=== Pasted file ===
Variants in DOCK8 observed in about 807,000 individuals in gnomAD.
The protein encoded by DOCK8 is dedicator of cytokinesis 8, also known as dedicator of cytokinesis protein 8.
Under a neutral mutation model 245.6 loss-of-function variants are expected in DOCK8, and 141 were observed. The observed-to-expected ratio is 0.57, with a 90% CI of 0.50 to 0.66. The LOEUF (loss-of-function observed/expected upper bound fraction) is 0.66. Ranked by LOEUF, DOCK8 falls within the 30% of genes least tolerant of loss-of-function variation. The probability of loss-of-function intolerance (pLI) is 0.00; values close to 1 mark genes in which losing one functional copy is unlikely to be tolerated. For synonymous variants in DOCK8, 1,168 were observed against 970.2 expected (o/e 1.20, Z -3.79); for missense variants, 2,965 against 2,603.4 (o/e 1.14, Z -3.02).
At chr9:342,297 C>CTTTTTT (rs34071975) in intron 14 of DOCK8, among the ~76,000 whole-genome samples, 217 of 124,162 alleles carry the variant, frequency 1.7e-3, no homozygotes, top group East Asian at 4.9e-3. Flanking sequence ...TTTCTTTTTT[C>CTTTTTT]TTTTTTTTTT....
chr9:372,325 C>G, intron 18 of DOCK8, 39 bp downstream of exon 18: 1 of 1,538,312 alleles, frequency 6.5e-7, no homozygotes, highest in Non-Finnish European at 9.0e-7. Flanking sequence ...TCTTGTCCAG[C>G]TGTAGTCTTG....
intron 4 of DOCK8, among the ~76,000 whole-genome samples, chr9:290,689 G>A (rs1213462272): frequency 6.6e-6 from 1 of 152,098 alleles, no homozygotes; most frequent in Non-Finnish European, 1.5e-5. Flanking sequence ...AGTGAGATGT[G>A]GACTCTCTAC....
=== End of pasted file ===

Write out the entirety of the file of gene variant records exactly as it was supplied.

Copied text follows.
Variants in DOCK8 observed in about 807,000 individuals in gnomAD.
The protein encoded by DOCK8 is dedicator of cytokinesis 8, also known as dedicator of cytokinesis protein 8.
Under a neutral mutation model 245.6 loss-of-function variants are expected in DOCK8, and 141 were observed. The observed-to-expected ratio is 0.57, with a 90% CI of 0.50 to 0.66. The LOEUF (loss-of-function observed/expected upper bound fraction) is 0.66. Ranked by LOEUF, DOCK8 falls within the 30% of genes least tolerant of loss-of-function variation. The probability of loss-of-function intolerance (pLI) is 0.00; values close to 1 mark genes in which losing one functional copy is unlikely to be tolerated. For synonymous variants in DOCK8, 1,168 were observed against 970.2 expected (o/e 1.20, Z -3.79); for missense variants, 2,965 against 2,603.4 (o/e 1.14, Z -3.02).
At chr9:342,297 C>CTTTTTT (rs34071975) in intron 14 of DOCK8, among the ~76,000 whole-genome samples, 217 of 124,162 alleles carry the variant, frequency 1.7e-3, no homozygotes, top group East Asian at 4.9e-3. Flanking sequence ...TTTCTTTTTT[C>CTTTTTT]TTTTTTTTTT....
chr9:372,325 C>G, intron 18 of DOCK8, 39 bp downstream of exon 18: 1 of 1,538,312 alleles, frequency 6.5e-7, no homozygotes, highest in Non-Finnish European at 9.0e-7. Flanking sequence ...TCTTGTCCAG[C>G]TGTAGTCTTG....
intron 4 of DOCK8, among the ~76,000 whole-genome samples, chr9:290,689 G>A (rs1213462272): frequency 6.6e-6 from 1 of 152,098 alleles, no homozygotes; most frequent in Non-Finnish European, 1.5e-5. Flanking sequence ...AGTGAGATGT[G>A]GACTCTCTAC....